Strange Lens defect on Olympus 35 SP. What is it?

Discussion in 'Classic Manual Cameras' started by christos_theofilogiannakos, Mar 13, 2012.

  1. [​IMG]Hi!
    I recently got an Olympus 35 SP RF on ebay. Sadly, despite being described as "clean", the lens had this strange blemish in it (I should say somewhere under the second element?) which unfortunately comes up in the lower center of the picture as an irregular blotch. I got a 60% refund, it is true that the defect can be missed when looking head on, it is more clearly visible when viewed at an angle. Could it be a balsam of Canada problem? The rest of the camera is in great shape (incl. the meter) but how easy is it to find a junker SP with a clear lens to use as spare? Go figure... Any ideas as to what this might be? (www.photo.net/photo/15344392). I somehow can't upload the actual image here...
    00a8PJ-449957584.jpg
     
  2. It looks like a lens coating blemish on the top surface of the front element. Have you looked closely at it with a high powered loop? I have this type of blemish on a couple of my lenses and have detected no effect at all on the negatives. I'm very surprised this is showing up in your photos. Can you post a sample photo showing the blob on a photo?
     
  3. That could be fungus. If so, then as-is it shouldn't affect your photos; the problem is that it's difficult to kill off completely (even if you kill this growth, further spores can lie dormant within the lens assembly) and it can permanently etch the lens coating if left unchecked.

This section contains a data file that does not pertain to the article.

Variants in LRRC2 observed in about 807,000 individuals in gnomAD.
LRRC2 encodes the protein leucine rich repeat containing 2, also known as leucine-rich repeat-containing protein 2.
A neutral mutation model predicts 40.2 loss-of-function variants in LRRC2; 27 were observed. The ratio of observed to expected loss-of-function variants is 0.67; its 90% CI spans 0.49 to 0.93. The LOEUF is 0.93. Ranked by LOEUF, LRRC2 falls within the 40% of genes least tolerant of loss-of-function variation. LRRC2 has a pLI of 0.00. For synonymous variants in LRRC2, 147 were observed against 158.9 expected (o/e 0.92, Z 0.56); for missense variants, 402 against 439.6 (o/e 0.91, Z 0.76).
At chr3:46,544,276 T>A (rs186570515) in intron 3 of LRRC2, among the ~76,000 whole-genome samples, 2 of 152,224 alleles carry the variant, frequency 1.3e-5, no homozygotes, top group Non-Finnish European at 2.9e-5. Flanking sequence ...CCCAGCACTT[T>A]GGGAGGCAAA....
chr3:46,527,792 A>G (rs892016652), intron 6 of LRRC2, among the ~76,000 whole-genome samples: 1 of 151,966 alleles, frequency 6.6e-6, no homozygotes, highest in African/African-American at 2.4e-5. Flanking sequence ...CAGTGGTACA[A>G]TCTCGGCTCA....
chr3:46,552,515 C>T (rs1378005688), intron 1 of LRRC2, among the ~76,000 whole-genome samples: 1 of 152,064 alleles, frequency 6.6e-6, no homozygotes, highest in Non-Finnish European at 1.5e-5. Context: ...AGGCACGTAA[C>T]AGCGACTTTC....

4. The SP doesn't have the front elements glued together so it isn't a problem with balsam separation. It looks like a flaw
    in the coating. If it is shaped something like a snowflake, and has a silverry appearance, it is a flaw. If it is dirt or
    debris, it is not hard to open the lens to remove it. The glass and coating of the SP lenses is very good, and fungus
    can usually be removed with a bit of toothpaste without damage. If the problem is a coating flaw, it won't polish out,
    but, on the other hand, these flaws usually have no effect on the images. I have an old Rplleiflex 2.8C which has
    several of these marks, yet still takes stunning photos.